Linda Ronstadt- Tim Easton- Jackie DeShannon
This time out our spotlight on vinyl spins Linda Ronstadt's first Spanish language album, two reissues from Tim Easton and an early work from Jackie DeShannon.
Linda Ronstadt - Canciones de mi Padre - (Iconic Artists Group)
Tucson, Arizona native Linda Ronstadt honors her Mexican heritage here with 13 tracks made famous by Mexican mariachi bands and four of the genre's biggest accompany her: Mariachi Vargas de Tecalitlan, Mariachi Los Camperos de Nati Cano, Mariachi Los Galleros de Pedro Rey and Mariachi Sol de Mexico de Jose Hernandez. Ronstadt's voice is immediately recognizable on this her first Spanish language release (its success inspired her to do others) and her emotional vocals make these selections as appealing as her pop hits. The album's insert has each song's lyrics in Spanish, and there's a translation to English too, so non-Spanish speakers can understand what each song is about. Sometimes the translation is not needed, as in the slow and gently orchestrated "Por Un Amor" ("For a Love") where the aching for a lover is palpable in Linda's voice. For the lively ranchera "Los Laureles" ("The Laurels"), a mariachi favorite going back to the 1920s or '30s, Ronstadt turns in a lusty reading of the song that's about trying to get the attention of a potential suitor. "La Cigarra" ("The Cicada") is an allegory that relates how the cicada sings before it dies but it is really about a human love relationship and it features Ronstadt hitting beautiful, extended high notes throughout the song. And so it goes on this delightful set, a relaxed listen that's perfect for, say, a Saturday afternoon. Lots of great harmony vocals are provided here by Pedro Rey, Heriberto Molina, Juan Rey, Ronstadt clan members Pete and Mike (brothers) and numerous others. Listeners will find that Canciones de mi Padre offers a chance to hear a side of Ronstadt that was at the time unfamiliar to most while also presenting an opportunity to savor traditional mariachi music. This is the title's first release on vinyl.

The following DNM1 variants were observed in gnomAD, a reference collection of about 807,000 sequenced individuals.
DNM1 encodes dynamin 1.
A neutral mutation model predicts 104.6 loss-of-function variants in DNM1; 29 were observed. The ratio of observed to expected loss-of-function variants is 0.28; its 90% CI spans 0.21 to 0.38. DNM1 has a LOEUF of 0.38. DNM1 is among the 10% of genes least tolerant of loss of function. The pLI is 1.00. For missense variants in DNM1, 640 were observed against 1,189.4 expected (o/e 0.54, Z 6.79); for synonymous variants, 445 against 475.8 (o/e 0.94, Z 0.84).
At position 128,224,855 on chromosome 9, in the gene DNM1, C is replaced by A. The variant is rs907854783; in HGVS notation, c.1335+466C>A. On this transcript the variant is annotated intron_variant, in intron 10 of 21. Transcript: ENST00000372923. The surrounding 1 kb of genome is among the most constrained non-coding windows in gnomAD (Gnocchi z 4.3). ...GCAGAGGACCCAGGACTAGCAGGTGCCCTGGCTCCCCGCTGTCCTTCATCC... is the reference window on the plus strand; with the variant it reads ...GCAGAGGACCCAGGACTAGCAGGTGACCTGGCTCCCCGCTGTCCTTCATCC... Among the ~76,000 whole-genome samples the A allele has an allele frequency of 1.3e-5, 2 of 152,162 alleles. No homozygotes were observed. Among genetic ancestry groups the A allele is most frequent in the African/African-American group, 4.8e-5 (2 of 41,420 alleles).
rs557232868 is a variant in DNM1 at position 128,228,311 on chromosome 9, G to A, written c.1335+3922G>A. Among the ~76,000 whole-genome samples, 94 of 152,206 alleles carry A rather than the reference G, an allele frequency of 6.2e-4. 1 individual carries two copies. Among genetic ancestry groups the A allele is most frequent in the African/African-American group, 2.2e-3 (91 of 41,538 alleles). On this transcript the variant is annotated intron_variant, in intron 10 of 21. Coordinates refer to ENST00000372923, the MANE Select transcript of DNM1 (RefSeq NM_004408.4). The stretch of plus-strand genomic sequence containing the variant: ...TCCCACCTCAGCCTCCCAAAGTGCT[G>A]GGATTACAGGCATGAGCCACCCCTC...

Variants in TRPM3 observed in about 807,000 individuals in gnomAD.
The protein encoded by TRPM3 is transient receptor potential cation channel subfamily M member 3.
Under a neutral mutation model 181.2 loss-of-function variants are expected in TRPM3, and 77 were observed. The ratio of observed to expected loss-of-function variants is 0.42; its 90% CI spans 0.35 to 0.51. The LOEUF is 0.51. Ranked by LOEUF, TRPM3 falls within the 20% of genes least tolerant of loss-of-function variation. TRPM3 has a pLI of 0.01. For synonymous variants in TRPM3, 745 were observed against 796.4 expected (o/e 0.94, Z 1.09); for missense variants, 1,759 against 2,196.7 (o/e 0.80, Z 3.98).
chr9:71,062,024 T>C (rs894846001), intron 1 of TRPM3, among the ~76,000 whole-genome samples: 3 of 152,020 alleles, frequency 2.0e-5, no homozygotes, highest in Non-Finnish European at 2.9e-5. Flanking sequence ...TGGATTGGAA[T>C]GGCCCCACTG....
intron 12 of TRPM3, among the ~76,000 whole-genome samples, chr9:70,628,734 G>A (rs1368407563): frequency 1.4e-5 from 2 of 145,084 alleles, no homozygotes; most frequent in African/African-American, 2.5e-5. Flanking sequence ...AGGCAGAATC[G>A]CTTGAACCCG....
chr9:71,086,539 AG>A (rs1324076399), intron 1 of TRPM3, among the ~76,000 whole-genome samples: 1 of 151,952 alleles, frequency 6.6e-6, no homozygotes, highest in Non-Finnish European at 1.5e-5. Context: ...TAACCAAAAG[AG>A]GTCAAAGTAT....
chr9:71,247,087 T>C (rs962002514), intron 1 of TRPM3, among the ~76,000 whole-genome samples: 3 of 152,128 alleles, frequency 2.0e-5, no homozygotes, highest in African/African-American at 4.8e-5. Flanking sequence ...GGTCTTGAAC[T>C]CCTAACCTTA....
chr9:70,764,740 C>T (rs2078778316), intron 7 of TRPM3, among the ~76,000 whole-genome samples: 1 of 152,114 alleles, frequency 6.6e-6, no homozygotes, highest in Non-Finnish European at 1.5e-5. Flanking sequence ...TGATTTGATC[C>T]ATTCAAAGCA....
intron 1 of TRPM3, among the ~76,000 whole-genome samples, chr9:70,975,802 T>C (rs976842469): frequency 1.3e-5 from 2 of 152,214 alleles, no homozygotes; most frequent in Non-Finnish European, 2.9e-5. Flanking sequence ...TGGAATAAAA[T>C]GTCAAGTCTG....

Tim Easton - Special 20 and Not Cool - (Black Mesa Records)
Here are reissues of two fine albums from singer/songwriter and guitarist Easton. Special 20,
Easton's solo debut from 1998, begins with the rollicking "Just Like Home," a lyrically amusing cut that chronicles how difficulties on the road are "just like home." The track, which includes harmonica work from Easton, sounds like it was inspired by Johnny Cash. "Special 20" is a bluegrass choogler with Al Perkins on dobro, Jim Hoke on harmonica and Mickey Grimm playing oil can, all of which combine for a classic Americana groove. Easton rocks out though on "Torture Comes to Mind," a great one to blast in the car with the windows down; the cut reminds at times of R.E.M. Banjo from Perkins rings through over a loping beat and Easton's plaintive vocals on the bluegrass of "Troublesome Kind" while "All the Pretty Girls Leave Town" is a showcase for Easton's playing and singing as it has only mandolin and glockenspiel backing. The song, like everything here, is an Easton original but if someone told you it was written by John Prine you'd find it plausible. "Help Me Find My Space Girl" is rich with harmony vocals and a hooky earworm while "Sweet Violet" is a declaration of love performed almost as a lullaby; closing cut "Rewind," again recalling John Prine, has sweet flavoring from pedal steel played by Perkins. Includes a 12-page lyric booklet. Not Cool